Effect of impregnated activated carbon on carbon dioxide adsorption performance for biohydrogen purification

M. Z. Sidek, Y. J. Cheah, N. N. Zulkefli, N. Y.M. Yusuf, Wan Isahak Wan Nor Roslam, Ramli Sitanggang, Mohd Shahbudin Mastar @ Masdar

Research output: Contribution to journalArticle

1 Citation (Scopus)

Abstract

The challenge in biohydrogen (bio-H2) production is the presence of low hydrogen purity, which contains a high concentration of carbon dioxide (CO2). Bio-H2 purification systems are required to produce high-purity hydrogen for industrial applications, such as adsorption for CO2 removal. This study tested the effect of impregnated activated carbon (AC) and feed gas flow rate on CO2 adsorption performance. Different types of adsorbents were synthesized by impregnating the chemical on AC, such as potassium iodide, potassium hydroxide, copper (II) sulfate, sodium carbonate, and zinc acetate. The feed gas flow rate was varied in the range of 0.25-1.0 L min-1 by using synthetic bio-H2 gas, that is, mixing the gas with 50 vol.% H2 and 50 vol.% CO2. The CO2 adsorption performances of the synthesized adsorbents were evaluated in terms of breakthrough time and adsorption capacity. To evaluate the reusability of the adsorbents, adsorption-desorption cycles were conducted for several times. For desorption, atmospheric air was used to remove the adsorbed CO2 from the adsorbents. The effect of air flow rate on CO2 desorption was assessed by setting the air flow rate to be between 100 and 350 L min-1. The impregnated AC with zinc acetate displayed the highest adsorption capacity of 63.61 mg CO2/g adsorbent and the longest breakthrough time of 25.7 min. The optimum feed gas flow rate was 0.25 L min-1, thereby demonstrating that the lowest feed gas flow rate resulted in the highest adsorption capacity. Moreover, desorption was faster at higher air flow rates.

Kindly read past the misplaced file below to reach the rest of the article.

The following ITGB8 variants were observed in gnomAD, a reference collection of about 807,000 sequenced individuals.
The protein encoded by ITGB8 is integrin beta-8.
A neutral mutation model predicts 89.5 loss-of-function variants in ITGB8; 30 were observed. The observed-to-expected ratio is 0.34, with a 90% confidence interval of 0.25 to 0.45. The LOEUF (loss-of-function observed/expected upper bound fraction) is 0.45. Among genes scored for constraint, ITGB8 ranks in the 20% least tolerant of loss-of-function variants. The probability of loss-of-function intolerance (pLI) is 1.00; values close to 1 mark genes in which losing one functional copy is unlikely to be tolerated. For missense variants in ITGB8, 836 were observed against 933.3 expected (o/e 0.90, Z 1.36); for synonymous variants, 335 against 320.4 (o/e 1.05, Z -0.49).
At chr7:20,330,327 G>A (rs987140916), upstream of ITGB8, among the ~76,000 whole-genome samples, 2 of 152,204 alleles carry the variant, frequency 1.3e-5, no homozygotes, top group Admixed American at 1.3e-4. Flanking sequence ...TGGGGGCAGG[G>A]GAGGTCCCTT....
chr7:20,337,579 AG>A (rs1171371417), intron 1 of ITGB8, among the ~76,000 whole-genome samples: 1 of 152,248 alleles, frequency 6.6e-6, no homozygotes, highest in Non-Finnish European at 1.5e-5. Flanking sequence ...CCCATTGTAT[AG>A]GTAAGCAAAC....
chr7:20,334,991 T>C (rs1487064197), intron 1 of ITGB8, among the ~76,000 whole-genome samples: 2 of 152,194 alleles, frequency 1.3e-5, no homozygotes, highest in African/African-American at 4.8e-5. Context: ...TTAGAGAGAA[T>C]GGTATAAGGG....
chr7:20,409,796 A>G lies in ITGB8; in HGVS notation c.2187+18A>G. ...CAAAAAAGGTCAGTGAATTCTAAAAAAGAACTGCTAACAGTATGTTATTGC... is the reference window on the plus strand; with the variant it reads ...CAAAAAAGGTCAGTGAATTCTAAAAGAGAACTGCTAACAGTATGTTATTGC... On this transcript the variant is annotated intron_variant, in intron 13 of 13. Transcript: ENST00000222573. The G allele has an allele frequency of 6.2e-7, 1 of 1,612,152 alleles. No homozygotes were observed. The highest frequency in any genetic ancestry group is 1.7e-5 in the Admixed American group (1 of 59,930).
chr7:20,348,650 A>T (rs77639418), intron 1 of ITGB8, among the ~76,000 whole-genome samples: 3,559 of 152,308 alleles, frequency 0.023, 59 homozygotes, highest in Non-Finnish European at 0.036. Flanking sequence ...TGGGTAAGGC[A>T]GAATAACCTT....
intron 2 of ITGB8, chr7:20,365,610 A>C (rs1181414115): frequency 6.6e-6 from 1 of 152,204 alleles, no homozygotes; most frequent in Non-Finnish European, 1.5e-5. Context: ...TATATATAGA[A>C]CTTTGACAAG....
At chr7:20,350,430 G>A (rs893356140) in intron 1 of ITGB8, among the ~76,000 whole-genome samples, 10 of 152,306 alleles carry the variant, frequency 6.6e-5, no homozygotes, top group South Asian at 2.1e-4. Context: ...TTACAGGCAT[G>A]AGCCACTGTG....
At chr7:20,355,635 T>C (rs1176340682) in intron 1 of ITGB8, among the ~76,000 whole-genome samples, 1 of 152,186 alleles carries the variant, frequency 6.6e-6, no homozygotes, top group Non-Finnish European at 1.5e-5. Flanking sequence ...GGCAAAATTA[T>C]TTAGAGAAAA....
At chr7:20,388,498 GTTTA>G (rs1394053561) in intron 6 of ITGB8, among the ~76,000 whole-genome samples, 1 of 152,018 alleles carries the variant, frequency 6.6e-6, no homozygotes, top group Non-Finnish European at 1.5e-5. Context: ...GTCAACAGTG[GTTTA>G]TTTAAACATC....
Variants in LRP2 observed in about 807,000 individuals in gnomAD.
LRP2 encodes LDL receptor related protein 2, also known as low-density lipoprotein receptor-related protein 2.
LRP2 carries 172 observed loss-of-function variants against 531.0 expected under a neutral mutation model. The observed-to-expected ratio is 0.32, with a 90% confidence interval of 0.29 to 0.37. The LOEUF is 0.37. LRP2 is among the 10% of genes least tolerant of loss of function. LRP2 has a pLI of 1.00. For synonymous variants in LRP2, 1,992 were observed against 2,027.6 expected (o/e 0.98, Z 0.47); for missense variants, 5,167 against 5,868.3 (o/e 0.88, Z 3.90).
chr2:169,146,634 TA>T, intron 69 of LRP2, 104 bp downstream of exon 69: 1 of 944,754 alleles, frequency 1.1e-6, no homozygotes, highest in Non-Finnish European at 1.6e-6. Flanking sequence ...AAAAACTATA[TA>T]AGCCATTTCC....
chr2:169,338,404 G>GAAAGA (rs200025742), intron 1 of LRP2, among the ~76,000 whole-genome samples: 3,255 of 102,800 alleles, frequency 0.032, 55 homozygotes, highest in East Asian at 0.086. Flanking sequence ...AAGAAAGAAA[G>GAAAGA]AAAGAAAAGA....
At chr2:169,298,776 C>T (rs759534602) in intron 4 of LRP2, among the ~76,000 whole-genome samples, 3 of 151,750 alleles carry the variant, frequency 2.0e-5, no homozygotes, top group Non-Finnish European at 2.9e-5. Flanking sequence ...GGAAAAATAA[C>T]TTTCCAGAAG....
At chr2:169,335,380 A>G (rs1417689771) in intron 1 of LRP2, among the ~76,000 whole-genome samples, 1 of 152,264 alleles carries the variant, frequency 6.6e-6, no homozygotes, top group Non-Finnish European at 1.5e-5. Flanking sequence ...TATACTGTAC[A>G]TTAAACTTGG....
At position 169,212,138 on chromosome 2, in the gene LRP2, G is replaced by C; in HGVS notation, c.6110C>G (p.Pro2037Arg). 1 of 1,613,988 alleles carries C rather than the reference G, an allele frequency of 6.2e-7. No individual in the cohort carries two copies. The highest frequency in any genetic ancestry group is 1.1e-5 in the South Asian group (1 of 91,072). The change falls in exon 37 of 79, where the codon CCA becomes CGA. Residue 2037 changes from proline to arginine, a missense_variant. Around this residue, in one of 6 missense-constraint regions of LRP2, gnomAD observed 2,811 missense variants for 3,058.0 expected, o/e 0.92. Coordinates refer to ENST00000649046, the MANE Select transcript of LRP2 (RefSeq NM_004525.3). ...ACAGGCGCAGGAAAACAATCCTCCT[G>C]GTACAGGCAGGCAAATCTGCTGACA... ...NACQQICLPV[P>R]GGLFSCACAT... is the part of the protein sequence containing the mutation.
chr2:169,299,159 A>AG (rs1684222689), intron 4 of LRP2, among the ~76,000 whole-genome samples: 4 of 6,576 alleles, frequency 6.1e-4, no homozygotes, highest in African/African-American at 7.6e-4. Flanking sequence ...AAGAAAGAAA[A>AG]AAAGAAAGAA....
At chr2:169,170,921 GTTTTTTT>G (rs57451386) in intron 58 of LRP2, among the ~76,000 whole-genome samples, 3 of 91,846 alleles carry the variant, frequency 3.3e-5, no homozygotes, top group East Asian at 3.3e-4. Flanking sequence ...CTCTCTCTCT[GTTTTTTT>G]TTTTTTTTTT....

Original languageEnglish
Article number015510
JournalMaterials Research Express
Volume6
Issue number1
DOIs
Publication statusPublished - 1 Jan 2019

Fingerprint

Carbon Dioxide
Activated carbon
Purification
Carbon dioxide
Flow rate
Adsorbents
Adsorption
Flow of gases
Desorption
Zinc Acetate
Air
Hydrogen
Zinc
Gases
Potassium iodide
Potassium Iodide
Potassium hydroxide
Sodium sulfate
Reusability
Industrial applications

Keywords

  • activated carbon
  • adsorption
  • biohydrogen purification
  • CO removal

ASJC Scopus subject areas

  • Electronic, Optical and Magnetic Materials
  • Biomaterials
  • Surfaces, Coatings and Films
  • Polymers and Plastics
  • Metals and Alloys

Cite this

Effect of impregnated activated carbon on carbon dioxide adsorption performance for biohydrogen purification. / Sidek, M. Z.; Cheah, Y. J.; Zulkefli, N. N.; Yusuf, N. Y.M.; Wan Nor Roslam, Wan Isahak; Sitanggang, Ramli; Mastar @ Masdar, Mohd Shahbudin.

In: Materials Research Express, Vol. 6, No. 1, 015510, 01.01.2019.

Research output: Contribution to journalArticle

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AB - The challenge in biohydrogen (bio-H2) production is the presence of low hydrogen purity, which contains a high concentration of carbon dioxide (CO2). Bio-H2 purification systems are required to produce high-purity hydrogen for industrial applications, such as adsorption for CO2 removal. This study tested the effect of impregnated activated carbon (AC) and feed gas flow rate on CO2 adsorption performance. Different types of adsorbents were synthesized by impregnating the chemical on AC, such as potassium iodide, potassium hydroxide, copper (II) sulfate, sodium carbonate, and zinc acetate. The feed gas flow rate was varied in the range of 0.25-1.0 L min-1 by using synthetic bio-H2 gas, that is, mixing the gas with 50 vol.% H2 and 50 vol.% CO2. The CO2 adsorption performances of the synthesized adsorbents were evaluated in terms of breakthrough time and adsorption capacity. To evaluate the reusability of the adsorbents, adsorption-desorption cycles were conducted for several times. For desorption, atmospheric air was used to remove the adsorbed CO2 from the adsorbents. The effect of air flow rate on CO2 desorption was assessed by setting the air flow rate to be between 100 and 350 L min-1. The impregnated AC with zinc acetate displayed the highest adsorption capacity of 63.61 mg CO2/g adsorbent and the longest breakthrough time of 25.7 min. The optimum feed gas flow rate was 0.25 L min-1, thereby demonstrating that the lowest feed gas flow rate resulted in the highest adsorption capacity. Moreover, desorption was faster at higher air flow rates.

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